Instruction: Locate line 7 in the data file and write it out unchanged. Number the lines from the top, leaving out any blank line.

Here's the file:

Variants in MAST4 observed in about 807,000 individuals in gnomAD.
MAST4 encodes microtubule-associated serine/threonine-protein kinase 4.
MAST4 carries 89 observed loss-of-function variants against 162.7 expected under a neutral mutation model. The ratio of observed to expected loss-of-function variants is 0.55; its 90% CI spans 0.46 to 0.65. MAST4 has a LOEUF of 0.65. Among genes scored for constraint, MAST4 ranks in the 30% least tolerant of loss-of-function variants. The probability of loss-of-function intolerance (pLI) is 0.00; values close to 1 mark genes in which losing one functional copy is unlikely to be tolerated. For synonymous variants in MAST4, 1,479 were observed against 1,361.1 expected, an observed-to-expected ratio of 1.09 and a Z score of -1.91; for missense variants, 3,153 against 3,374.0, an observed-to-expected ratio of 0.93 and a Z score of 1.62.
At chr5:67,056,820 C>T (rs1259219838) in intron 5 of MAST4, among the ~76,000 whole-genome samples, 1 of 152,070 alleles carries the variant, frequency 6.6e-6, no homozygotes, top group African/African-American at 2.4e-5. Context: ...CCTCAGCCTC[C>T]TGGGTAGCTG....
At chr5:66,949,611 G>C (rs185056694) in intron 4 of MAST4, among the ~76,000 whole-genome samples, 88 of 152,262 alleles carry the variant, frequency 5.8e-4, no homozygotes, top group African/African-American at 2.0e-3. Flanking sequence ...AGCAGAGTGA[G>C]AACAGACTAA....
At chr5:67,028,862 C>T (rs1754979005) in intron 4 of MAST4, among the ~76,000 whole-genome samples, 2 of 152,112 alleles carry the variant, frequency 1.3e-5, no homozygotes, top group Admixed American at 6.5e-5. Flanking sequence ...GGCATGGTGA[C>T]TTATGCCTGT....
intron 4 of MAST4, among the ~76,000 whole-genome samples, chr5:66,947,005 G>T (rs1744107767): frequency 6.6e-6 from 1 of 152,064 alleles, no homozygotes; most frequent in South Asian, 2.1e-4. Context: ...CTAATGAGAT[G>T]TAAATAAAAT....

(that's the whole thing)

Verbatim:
intron 4 of MAST4, among the ~76,000 whole-genome samples, chr5:66,947,005 G>T (rs1744107767): frequency 6.6e-6 from 1 of 152,064 alleles, no homozygotes; most frequent in South Asian, 2.1e-4. Context: ...CTAATGAGAT[G>T]TAAATAAAAT....